Here is the original story about “old news” which I published at metabolism.com in 2007

Old News About Avandia and Actos Makes the Front Page NY Times

Today’s NY Times carries a front page article about the dangers of Actos and Avandia, two popular diabetes medications. The reason behind the news story is that the FDA has finally required the two companies that make these diabetes drugs to carry a “black box” warning (the strongest labeling warning that can be applied) about the potential for congestive heart failure (overload of fluid in the heart and lungs) in diabetics using these drugs. Is this warning really news? Not to doctors.

I have been to numerous seminars on the use of these two diabetes drugs and have been paid by the companies that manufacture these drugs to educate other health care professionals about the use and hazards of these drugs. Both companies gave all representatives and speakers the strictest instructions regarding their obligation to carefully mention the potential for fluid overload and congestive heart failure associated with the use of these drugs. I know that my colleagues, particularly the cardiologists (heart doctors) and endocrinologists (diabetes doctors), have been acutely aware of this information for years.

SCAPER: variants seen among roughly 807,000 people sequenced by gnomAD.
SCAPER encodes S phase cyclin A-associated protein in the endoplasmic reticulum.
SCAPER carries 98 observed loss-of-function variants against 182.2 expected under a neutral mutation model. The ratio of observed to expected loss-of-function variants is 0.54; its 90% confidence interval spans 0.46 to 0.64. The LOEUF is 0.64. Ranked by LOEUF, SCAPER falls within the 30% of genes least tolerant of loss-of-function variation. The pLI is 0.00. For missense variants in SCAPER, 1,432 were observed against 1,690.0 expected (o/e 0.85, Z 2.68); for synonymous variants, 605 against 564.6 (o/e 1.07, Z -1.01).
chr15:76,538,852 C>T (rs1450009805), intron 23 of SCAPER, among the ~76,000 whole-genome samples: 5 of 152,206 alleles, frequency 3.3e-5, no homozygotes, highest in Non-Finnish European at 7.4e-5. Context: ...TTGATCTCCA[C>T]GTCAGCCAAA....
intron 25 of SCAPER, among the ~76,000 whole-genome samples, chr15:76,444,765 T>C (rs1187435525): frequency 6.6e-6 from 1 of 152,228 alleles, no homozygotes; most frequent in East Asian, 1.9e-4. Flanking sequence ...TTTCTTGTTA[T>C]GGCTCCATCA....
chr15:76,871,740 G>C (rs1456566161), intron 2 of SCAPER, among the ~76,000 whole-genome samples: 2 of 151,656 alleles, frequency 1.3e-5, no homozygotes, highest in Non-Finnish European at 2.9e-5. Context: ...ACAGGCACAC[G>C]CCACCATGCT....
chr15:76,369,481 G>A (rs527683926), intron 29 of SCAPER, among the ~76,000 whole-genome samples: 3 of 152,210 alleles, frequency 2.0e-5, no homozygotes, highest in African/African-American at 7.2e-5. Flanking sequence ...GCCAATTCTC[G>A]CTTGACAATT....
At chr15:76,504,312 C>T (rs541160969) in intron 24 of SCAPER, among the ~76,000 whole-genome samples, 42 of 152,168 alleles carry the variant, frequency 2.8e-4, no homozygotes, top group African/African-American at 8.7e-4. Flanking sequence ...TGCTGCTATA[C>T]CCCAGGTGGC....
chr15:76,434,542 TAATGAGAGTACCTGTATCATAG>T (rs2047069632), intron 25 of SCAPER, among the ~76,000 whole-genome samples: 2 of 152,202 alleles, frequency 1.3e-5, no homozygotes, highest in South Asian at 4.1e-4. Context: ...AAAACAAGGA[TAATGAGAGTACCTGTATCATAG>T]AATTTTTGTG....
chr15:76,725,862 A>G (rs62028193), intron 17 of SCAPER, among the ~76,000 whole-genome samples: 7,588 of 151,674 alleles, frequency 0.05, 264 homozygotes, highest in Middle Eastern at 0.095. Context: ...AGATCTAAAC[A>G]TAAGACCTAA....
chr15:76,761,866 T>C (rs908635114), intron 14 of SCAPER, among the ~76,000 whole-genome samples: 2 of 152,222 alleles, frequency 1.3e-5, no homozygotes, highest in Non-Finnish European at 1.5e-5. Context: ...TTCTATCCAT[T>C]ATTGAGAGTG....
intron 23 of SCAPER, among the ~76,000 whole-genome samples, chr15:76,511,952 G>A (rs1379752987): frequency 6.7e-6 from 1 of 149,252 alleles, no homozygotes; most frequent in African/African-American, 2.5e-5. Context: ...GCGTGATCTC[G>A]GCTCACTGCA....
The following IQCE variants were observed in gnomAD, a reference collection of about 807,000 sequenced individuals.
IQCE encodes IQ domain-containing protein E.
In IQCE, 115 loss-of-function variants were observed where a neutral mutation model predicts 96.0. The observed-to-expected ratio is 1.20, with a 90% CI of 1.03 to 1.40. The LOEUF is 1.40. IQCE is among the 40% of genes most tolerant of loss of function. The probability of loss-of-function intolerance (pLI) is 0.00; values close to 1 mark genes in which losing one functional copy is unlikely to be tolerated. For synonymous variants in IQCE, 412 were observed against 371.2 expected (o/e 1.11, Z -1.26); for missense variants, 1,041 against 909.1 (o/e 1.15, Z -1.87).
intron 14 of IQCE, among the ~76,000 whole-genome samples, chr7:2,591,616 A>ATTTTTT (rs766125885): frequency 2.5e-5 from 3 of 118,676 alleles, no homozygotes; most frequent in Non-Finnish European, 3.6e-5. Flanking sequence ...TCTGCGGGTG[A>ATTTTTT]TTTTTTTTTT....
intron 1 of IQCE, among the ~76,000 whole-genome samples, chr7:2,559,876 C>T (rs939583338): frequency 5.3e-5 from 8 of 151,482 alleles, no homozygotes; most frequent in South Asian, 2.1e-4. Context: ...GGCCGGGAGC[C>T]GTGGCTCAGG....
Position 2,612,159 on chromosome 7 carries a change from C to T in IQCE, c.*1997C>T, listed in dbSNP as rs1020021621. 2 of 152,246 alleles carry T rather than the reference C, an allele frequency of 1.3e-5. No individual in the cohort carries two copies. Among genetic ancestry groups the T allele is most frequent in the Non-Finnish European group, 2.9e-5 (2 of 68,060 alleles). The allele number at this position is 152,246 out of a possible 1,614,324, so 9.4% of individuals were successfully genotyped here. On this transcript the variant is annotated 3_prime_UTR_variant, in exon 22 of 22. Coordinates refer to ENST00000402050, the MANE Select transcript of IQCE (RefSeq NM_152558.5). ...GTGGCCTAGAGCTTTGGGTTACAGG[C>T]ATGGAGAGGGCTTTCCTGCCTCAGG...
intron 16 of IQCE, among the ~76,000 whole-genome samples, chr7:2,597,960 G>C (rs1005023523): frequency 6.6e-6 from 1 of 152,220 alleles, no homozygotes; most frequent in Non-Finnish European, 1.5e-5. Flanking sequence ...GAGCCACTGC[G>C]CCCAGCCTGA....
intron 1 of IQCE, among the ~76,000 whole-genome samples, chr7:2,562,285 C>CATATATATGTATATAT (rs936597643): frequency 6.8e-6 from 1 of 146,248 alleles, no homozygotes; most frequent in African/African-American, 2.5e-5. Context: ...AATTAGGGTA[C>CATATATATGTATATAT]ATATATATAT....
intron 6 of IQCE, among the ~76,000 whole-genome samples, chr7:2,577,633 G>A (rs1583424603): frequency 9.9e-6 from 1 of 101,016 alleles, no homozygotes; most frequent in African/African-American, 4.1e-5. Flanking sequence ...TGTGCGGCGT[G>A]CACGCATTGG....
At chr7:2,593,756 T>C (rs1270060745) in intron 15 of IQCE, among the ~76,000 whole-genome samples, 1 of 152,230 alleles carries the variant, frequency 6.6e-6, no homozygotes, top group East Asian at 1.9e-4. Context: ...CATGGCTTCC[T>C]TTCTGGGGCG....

Did you know that the type of drugs known as sulfonylureas that have been used to treat diabetes since the 1960’s and remain popular today carry a “black box” warning since the 1970’s about the potential for causing heart disease? This class of drug include Diabinese, Orinase, DiaBeta, Micronase, glyburide, and glipizide. Why are these drugs still in widespread use, and where are the stories notifying the public about this? What’s the big deal about the black box warning on Actos and Avandia?

I think I smell some politics going on. The Commissioner of the FDA, Dr. von Eschenback, was appointed by President Bush in 2005. The harshest critics of the FDA on this issue are the Democrats on the House Panel. Coming out of the woodwork are various “injured” parties who were criticised by company representatives for speaking out against these drugs in 1999. These stories warrant a separate column in The Times today.